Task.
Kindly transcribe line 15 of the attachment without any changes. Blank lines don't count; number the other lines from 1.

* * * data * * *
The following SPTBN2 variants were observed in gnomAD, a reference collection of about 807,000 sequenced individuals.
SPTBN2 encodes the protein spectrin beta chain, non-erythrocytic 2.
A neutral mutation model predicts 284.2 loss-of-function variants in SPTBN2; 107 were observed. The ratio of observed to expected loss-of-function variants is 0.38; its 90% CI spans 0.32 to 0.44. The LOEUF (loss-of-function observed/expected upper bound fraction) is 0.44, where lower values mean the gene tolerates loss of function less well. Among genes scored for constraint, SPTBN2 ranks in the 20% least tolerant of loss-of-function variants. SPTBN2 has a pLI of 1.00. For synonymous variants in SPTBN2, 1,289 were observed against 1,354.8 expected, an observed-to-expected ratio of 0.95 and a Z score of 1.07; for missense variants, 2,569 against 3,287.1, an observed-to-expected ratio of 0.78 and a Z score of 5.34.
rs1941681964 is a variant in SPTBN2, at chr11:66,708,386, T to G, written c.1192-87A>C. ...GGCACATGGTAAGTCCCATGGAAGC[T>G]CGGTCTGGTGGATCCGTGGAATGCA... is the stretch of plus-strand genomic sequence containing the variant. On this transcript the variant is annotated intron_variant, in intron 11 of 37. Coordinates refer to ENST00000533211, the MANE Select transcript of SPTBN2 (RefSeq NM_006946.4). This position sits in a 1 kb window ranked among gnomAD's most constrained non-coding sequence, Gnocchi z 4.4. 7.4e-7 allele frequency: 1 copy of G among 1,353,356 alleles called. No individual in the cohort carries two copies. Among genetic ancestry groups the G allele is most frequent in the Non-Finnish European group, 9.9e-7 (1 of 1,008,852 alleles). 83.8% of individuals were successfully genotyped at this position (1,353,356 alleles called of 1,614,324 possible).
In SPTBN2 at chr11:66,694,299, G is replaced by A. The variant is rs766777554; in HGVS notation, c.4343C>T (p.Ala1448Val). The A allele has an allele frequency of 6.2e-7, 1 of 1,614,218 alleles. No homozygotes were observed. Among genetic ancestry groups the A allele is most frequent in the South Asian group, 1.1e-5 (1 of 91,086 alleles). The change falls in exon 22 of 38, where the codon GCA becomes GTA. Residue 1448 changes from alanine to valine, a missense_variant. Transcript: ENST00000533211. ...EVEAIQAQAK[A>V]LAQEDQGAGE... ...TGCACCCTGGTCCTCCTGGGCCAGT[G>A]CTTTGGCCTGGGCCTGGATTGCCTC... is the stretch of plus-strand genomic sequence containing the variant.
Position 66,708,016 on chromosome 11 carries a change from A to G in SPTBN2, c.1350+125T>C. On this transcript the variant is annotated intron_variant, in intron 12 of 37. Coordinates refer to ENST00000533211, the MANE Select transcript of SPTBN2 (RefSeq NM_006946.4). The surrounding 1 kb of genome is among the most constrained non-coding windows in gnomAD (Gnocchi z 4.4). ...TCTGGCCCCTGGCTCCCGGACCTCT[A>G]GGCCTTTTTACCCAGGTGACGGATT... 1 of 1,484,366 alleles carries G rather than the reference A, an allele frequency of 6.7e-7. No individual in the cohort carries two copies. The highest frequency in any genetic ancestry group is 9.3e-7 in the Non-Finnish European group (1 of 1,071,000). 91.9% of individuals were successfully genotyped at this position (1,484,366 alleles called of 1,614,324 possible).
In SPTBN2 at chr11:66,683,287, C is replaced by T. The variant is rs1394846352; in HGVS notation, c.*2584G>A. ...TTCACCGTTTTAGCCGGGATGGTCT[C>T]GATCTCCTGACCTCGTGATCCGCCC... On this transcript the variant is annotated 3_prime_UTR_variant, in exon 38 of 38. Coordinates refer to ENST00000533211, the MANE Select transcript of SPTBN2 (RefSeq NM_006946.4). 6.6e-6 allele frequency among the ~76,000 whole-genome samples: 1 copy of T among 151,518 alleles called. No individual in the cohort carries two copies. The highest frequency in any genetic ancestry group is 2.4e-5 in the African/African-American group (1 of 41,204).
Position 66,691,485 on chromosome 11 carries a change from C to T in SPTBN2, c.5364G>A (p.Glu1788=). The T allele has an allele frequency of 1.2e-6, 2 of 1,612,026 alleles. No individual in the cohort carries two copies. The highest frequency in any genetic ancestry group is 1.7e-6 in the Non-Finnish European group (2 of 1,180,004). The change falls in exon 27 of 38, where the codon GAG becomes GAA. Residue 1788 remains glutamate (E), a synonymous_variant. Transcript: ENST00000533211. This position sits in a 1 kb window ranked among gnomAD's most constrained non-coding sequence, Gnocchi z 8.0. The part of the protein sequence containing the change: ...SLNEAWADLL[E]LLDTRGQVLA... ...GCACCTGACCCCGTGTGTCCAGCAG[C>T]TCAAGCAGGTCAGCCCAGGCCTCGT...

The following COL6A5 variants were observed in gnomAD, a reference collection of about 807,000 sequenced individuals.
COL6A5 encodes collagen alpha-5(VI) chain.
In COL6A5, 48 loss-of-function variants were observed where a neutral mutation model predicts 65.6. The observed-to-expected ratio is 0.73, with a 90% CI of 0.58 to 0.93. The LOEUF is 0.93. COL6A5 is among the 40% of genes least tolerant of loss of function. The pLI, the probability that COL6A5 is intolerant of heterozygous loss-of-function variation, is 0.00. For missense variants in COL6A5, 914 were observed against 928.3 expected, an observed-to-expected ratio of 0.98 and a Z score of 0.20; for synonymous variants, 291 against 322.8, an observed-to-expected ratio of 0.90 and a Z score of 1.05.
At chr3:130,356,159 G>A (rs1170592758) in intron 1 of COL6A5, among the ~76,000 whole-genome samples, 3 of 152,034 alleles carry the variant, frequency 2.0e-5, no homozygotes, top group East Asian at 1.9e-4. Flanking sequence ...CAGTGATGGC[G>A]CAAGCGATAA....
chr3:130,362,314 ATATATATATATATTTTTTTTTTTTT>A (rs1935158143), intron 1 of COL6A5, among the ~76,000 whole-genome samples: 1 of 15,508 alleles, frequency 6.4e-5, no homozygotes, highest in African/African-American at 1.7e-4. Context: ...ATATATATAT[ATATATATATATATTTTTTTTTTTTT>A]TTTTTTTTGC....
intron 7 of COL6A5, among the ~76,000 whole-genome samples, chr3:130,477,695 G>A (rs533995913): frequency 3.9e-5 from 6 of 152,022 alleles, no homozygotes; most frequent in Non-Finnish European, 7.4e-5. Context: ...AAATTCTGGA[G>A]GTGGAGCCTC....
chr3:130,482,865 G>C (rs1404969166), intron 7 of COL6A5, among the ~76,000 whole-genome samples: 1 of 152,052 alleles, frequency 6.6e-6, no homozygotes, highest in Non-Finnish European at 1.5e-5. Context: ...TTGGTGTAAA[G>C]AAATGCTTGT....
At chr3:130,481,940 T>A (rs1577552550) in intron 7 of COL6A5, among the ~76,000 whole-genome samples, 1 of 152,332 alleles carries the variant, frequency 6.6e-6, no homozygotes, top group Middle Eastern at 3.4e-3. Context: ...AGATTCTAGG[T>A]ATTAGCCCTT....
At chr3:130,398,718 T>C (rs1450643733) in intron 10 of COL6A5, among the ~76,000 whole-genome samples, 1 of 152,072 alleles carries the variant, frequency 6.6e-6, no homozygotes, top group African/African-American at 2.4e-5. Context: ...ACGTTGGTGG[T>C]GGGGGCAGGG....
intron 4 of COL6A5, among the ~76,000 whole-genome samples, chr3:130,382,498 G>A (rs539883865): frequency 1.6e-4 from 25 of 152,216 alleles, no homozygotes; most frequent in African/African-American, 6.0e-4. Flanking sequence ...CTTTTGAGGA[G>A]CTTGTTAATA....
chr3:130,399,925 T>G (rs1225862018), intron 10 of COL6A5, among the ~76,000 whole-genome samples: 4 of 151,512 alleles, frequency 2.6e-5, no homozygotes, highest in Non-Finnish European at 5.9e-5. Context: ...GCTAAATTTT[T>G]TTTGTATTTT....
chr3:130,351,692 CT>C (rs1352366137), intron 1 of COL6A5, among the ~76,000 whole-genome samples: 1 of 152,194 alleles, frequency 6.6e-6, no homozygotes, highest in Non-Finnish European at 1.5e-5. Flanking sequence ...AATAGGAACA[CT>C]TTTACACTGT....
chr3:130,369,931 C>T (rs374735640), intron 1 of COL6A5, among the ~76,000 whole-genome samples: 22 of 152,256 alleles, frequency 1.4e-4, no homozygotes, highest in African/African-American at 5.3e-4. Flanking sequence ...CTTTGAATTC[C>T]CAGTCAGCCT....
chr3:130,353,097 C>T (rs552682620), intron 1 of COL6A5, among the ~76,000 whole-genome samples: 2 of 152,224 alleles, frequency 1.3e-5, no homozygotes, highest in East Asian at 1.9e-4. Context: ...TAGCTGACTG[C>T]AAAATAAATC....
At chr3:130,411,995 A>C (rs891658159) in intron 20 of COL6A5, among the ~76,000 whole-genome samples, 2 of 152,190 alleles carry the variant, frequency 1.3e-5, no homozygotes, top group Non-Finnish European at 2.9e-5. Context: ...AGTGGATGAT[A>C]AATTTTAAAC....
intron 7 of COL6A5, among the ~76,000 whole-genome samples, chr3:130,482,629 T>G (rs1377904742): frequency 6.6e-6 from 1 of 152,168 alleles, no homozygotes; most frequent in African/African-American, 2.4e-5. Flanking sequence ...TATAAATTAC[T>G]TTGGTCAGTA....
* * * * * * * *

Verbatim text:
chr3:130,482,865 G>C (rs1404969166), intron 7 of COL6A5, among the ~76,000 whole-genome samples: 1 of 152,052 alleles, frequency 6.6e-6, no homozygotes, highest in Non-Finnish European at 1.5e-5. Context: ...TTGGTGTAAA[G>C]AAATGCTTGT....